SCOTUS Spotlight: Electoral corruption & bribery

The timeliness of McDonnell v. U.S. is not lost on this citizen of Illinois, where we should probably consider putting links to contribute to our candidates’ legal defense funds on our ballots. That’d be funny if their chances of going to jail for ethics violations or corruption weren’t actually greater than fifty percent. Four out of the last seven governors have been imprisoned. But at least our criminal governors make it easy on the courts! Dear Children’s Memorial Hospital, I won’t release your $8 million of state funding until you give me a $50,000 campaign contribution. Sincerely, Rod Blagojevich.

But what would it mean if for “the first time in our history that a public official has been convicted of corruption despite never agreeing to put a thumb on the scales of any government decision.” Do we have to wait for them to put a thumb on the scale in order for it to be punishable corruption? Today’s case shines a spotlight on former Virginia governor Robert McDonnell and could serve as an opportunity for the Supreme Court to send a bold warning to elected officials everywhere that quid pro quo corruption need not be as heavy handed as a thumb on a scale. Continue reading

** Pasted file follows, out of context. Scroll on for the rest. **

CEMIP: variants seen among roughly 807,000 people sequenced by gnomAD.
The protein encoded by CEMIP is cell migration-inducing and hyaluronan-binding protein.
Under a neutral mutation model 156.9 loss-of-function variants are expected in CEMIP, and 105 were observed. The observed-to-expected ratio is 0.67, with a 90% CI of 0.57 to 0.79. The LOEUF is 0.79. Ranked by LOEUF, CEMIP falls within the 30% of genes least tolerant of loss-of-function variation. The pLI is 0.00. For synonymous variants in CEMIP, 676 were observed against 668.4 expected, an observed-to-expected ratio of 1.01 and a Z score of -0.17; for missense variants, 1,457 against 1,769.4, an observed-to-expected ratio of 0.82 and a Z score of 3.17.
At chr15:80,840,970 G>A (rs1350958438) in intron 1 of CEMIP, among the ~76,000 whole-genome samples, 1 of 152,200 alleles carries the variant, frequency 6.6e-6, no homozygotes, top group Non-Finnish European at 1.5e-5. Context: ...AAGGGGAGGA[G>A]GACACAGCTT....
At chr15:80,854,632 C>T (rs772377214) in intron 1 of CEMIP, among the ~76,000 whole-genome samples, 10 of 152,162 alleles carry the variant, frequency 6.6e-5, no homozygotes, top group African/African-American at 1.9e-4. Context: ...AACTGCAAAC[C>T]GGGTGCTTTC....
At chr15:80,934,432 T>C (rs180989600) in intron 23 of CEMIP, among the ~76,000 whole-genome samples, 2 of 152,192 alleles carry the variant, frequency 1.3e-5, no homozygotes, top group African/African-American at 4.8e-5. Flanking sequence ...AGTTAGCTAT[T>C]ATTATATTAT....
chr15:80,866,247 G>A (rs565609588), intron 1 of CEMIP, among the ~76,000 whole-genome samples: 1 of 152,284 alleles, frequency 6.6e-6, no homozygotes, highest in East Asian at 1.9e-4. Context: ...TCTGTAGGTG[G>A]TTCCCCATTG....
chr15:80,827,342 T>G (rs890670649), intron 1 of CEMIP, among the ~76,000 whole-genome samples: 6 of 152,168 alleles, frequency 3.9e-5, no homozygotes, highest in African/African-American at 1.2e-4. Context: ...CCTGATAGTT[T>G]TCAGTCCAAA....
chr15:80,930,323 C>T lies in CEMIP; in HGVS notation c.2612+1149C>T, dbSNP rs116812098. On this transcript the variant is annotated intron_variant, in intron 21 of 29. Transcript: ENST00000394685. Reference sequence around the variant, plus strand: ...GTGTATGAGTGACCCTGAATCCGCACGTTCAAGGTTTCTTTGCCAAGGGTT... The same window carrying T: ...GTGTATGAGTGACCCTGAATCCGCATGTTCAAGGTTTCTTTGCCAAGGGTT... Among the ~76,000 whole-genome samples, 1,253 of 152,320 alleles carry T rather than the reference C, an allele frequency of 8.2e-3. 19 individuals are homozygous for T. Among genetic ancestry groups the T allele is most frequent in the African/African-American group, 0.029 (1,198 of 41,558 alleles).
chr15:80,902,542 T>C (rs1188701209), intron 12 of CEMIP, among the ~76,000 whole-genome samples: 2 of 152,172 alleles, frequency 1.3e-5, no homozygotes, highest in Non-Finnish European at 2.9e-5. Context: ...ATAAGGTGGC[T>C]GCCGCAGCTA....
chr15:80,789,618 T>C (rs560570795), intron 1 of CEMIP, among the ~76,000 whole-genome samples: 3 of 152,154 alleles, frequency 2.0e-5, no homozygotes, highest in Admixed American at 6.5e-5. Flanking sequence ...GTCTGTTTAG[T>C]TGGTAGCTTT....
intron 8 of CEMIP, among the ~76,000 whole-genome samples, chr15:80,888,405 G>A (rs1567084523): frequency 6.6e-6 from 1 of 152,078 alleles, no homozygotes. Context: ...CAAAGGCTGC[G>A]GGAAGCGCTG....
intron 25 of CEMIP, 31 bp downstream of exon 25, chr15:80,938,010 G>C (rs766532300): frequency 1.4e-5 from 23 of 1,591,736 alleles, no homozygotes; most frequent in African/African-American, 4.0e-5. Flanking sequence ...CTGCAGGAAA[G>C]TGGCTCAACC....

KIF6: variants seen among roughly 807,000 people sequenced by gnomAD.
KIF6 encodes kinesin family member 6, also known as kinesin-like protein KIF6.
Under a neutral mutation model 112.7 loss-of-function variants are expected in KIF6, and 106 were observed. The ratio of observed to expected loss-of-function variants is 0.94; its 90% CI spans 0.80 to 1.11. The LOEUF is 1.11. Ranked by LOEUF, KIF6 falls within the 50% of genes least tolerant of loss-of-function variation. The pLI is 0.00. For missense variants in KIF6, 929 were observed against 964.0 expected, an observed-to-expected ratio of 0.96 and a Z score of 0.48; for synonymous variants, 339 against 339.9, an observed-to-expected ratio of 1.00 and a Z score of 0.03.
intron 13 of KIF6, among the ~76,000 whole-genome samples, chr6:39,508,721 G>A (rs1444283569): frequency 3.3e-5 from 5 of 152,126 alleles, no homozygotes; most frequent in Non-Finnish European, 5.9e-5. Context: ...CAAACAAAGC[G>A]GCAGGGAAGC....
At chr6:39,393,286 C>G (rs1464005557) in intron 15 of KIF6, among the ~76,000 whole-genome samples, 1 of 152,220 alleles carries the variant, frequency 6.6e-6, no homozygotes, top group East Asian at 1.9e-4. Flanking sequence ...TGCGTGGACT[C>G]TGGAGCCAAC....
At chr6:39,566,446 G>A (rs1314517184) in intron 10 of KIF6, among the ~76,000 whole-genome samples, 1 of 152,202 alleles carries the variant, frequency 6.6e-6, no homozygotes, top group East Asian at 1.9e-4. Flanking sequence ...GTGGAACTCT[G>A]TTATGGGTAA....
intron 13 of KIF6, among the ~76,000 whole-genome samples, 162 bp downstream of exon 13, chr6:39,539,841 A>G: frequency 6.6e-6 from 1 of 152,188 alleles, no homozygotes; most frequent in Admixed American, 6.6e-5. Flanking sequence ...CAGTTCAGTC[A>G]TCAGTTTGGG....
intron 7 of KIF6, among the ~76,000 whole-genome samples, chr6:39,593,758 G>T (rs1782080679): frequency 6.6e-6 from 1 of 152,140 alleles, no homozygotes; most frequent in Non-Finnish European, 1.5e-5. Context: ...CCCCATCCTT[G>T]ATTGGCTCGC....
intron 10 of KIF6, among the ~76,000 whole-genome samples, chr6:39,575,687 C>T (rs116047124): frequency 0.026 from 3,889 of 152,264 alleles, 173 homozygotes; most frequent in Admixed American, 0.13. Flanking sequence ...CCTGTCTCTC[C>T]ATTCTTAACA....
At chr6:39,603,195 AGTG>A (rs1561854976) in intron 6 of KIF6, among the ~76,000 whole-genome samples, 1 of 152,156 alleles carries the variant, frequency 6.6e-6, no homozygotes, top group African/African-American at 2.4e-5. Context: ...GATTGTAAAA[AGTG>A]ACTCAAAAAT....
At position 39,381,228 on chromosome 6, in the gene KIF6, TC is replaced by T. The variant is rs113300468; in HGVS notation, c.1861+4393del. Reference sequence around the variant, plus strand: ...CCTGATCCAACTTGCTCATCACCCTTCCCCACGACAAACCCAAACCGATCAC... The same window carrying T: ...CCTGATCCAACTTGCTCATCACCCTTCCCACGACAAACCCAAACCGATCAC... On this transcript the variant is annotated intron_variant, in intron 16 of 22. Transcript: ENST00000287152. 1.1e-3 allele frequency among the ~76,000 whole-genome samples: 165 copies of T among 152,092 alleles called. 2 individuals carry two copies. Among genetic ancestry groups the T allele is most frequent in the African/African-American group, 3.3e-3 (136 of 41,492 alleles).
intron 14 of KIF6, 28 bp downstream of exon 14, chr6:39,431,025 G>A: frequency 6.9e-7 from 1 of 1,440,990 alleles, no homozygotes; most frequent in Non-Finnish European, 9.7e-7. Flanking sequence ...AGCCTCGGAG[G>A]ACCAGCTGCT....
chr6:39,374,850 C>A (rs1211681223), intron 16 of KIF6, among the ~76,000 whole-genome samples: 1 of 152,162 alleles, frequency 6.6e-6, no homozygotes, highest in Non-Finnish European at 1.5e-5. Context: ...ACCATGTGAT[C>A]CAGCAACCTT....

What happens after race-based admissions policies lose in the Supreme Court?

OLYMPUS DIGITAL CAMERABy Cara L. Gallagher, weekend contributor

This year, Groundhog Day will be celebrated on Wednesday, December 9th. That’s the day Fisher v. The University of Texas at Austin – a case that tests the use of race in admissions processes – returns to the U.S. Supreme Court. The case heads back to the SCOTUS Wednesday only two years since Fisher I. The University received a warning shot last time when a 7-1 majority remanded the case back to the lower court ordering the UT prove the only way to achieve a “critical mass” of diverse students was to do so using race as a factor in their admissions process.

That was in June of 2013. Since then UT hasn’t changed its admissions processes and the 5th Circuit Court of Appeals ruled again last summer that the school’s use of race passed constitutional muster. Continue reading